I hope all of you are having a wonderful Wednesday. Thanks for stopping by. Today's behavior blog was set and ready until...my oldest son decided to misbehave and become my new blog topic. Cameron is a great kid. But, like a lot of great kids, he is still prone to messing up. As a matter of fact, there are a lot of great adults who fit that mold as well. Therefore, it's on that note where I will begin.
The Gambler, by Kenny Rogers, gave me the "beat" of how to approach today's blog. He sang, "You have to know when to hold em, know when to fold em, know when to walk away, and know when to run." My lyrics doesn't have the same smooth style but it goes like this: You have to know when to be mad, know when to be glad, know when to close the distance, and know when to step back.
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Last night, Cameron brought me his library books around 6:30pm and asked if we could return them together. He knows I am a sucker in a library. Instead of just returning books, he would get to peruse and get more books even if it meant staying up past his bedtime on a school night. It's a game I love playing to tell the truth- but don't tell him I said that.
I was busy finishing an email on my computer in the basement. I told him to get his coat on and we would be on our way soon. Right before I finished my email, I heard a familiar walk across the main floor overhead. The hard footsteps meant only one thing- the wife was coming to see me and she was not happy. I tried to think of what I did wrong so I could weasel my way out of it- but came up blank.
The good news was I had avoided trouble (this time). The bad news was Cameron had "back talked" her and was currently hollering and throwing things in his bedroom. Back talking is a behavior that's pretty common in children and I will address it more fully in a future post. But due to his back talking, his library privilege had not been "renewed." The other behaviors came after mama laid down the law.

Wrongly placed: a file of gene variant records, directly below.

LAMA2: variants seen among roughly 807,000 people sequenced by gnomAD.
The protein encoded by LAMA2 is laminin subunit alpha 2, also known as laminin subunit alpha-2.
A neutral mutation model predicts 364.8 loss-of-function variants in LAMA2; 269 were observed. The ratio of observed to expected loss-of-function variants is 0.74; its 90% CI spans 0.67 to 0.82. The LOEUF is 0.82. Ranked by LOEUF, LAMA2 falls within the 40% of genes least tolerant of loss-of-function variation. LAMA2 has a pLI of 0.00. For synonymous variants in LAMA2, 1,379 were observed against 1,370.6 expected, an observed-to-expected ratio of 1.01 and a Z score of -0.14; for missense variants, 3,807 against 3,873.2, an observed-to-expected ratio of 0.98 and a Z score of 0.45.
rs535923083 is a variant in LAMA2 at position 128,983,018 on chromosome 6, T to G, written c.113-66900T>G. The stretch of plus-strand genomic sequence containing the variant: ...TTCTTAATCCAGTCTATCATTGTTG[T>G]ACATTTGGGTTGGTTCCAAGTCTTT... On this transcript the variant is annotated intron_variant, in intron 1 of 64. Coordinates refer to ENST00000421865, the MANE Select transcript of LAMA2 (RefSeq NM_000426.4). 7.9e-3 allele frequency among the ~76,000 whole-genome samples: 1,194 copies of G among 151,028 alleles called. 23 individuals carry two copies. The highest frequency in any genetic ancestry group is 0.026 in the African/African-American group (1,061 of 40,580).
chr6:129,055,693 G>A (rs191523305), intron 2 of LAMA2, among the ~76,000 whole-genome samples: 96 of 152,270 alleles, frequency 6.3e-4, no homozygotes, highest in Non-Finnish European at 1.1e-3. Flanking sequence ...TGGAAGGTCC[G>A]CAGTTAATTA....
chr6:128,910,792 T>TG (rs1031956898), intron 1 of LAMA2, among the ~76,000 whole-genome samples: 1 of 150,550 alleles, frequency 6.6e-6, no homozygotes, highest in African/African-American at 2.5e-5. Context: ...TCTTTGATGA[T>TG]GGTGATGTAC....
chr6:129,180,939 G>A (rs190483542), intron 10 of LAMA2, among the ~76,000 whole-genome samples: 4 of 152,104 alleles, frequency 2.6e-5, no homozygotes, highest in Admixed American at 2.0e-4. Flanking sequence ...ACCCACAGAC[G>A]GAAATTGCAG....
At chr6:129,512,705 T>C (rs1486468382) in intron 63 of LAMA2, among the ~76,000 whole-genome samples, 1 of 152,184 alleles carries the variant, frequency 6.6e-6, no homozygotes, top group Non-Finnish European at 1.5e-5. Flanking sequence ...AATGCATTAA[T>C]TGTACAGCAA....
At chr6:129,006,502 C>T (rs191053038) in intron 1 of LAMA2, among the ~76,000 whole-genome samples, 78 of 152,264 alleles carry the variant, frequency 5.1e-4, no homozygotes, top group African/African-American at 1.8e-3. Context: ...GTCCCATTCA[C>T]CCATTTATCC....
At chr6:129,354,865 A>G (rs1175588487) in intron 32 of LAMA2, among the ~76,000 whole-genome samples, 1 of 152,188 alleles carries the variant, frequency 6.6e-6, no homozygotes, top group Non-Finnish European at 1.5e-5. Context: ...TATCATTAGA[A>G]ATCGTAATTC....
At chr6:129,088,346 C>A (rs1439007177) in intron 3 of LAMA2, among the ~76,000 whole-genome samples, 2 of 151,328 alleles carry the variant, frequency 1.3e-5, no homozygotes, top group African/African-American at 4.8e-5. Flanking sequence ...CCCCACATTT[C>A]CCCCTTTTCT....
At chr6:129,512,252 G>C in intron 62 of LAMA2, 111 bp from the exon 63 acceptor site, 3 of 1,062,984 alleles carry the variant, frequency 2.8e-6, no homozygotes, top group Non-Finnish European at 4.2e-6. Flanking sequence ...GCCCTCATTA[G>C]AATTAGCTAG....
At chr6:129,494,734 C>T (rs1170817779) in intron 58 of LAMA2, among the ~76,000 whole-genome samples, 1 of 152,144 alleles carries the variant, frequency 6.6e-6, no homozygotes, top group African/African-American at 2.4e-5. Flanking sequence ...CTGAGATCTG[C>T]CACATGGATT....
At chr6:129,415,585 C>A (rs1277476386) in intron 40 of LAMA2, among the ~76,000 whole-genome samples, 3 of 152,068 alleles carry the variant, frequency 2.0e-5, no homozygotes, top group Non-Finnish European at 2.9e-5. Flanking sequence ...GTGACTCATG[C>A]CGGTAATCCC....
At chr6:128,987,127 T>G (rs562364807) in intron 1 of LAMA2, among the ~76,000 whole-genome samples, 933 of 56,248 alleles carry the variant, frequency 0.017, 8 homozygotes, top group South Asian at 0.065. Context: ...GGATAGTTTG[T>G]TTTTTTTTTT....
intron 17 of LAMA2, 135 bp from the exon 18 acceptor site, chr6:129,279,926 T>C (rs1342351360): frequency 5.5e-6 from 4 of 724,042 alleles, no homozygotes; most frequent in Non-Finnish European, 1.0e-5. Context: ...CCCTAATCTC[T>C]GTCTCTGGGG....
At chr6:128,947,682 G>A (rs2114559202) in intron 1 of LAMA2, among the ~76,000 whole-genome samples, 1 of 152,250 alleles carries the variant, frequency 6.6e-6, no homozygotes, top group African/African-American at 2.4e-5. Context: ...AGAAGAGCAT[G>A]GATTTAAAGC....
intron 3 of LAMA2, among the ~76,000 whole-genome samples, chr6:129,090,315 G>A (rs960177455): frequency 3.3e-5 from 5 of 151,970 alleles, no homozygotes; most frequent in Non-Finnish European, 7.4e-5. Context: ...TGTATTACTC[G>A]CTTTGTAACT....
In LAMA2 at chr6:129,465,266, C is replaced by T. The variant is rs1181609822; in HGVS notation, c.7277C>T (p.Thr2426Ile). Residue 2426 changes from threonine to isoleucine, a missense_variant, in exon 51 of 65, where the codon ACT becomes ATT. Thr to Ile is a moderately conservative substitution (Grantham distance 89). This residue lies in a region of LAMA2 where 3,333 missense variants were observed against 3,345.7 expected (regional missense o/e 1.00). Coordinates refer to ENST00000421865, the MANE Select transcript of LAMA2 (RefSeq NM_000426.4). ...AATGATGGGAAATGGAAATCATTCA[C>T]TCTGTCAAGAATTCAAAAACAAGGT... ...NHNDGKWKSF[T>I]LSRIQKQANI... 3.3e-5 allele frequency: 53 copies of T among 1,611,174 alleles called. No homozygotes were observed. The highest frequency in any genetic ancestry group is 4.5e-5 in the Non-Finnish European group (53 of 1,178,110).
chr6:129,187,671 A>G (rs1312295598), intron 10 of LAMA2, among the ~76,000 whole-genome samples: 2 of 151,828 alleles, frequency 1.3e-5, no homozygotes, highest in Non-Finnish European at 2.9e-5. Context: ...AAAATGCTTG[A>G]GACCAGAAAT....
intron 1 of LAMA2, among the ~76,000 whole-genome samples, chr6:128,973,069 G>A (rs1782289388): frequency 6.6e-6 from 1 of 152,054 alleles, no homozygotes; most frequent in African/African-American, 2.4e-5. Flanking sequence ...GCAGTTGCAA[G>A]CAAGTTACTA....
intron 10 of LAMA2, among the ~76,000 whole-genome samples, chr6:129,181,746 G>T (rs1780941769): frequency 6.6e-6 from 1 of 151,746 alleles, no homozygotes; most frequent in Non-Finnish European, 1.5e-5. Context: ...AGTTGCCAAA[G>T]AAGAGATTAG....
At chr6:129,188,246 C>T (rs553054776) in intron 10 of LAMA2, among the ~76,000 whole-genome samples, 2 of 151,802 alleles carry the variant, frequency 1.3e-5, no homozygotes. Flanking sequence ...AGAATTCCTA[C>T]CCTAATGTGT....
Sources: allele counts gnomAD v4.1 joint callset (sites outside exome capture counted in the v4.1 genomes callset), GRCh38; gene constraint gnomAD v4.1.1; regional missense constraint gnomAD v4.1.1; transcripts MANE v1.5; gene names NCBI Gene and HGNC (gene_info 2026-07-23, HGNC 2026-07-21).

My initial reaction was shock but it shouldn't have been. Cameron had smaller behavior problems earlier in the afternoon. He could have been tired after a long school day plus "daddy school." Though I don't know the reason, we now had a problem in the Thomas household. Sometimes I want Lauren to handle behavior problems. This time though, it sounded like a war was brewing and I wanted to show support to my wife.
Here's where my "song lyrics" come into play:
You have to know when to be mad- Truthfully, I wasn't mad at all. Lauren had already handled the situation. Although she didn't ask me to help her, I don't think she minded the added support. A tip I learned long ago was it's not always prudent to handle an angry child with anger. That's because anger between two people typically builds off of each other. There are some exceptions to the point but this was certainly not a case that qualified.
Know when to be glad- Maybe it was just me but I was excited he was so upset because he could NOT go to the library. It tells me my wife and I are doing something right. I'd be much more concerned if he didn't like the library. I remember heading up the stairs with a small smirk on my face.
Know when to close the distance- I was two floors away when the problem occurred. There was no doubt I was going to be in Cameron's room. As for how much more distance needed to be closed, I'd have to wait to see how this situation was going to shake out. I don't mind placing my hands on a child who is completely out of control; but I like to evaluate things before I take it to that level.
Know when to step back- Right as I entered the room, Cameron had slammed his closet door. I gave him the "I dare you to do that while I'm here" look. When Cameron saw me, I received the "fear of the father" glare I suspected I would get. I'm sure he thought to himself "What is my dad going to do to me?" It was at this point I threw a proverbial curve ball. Instead of speaking harshly, I calmly said "I can't believe you would act like this because you love going to the library. You are much smarter than what you showed to mom." I held his gaze for probably 5-10 seconds (which to most kids feels like 5-10 minutes) then I walked out.
I could have handled the situation in a variety of ways but what would have been the point of piling it on? Lauren laid down the consequence and I helped Cameron get his behavior under control. In short, I got what I wanted. All it took was an eye gaze and two sentences. You might be surprised to know that even with the toughest kids in my professional life, this tactic worked almost all the time. Later in the evening, Cameron cried and gave mom a heartfelt apology. That's when I truly knew the problem was resolved.
This Friday, I will be answering a parenting question. The crux of it is what do you do with good kids in terms of making them better? Think about it for a couple of days, come back Friday, and we'll compare answers. Until then, all the best to you and the ones you love.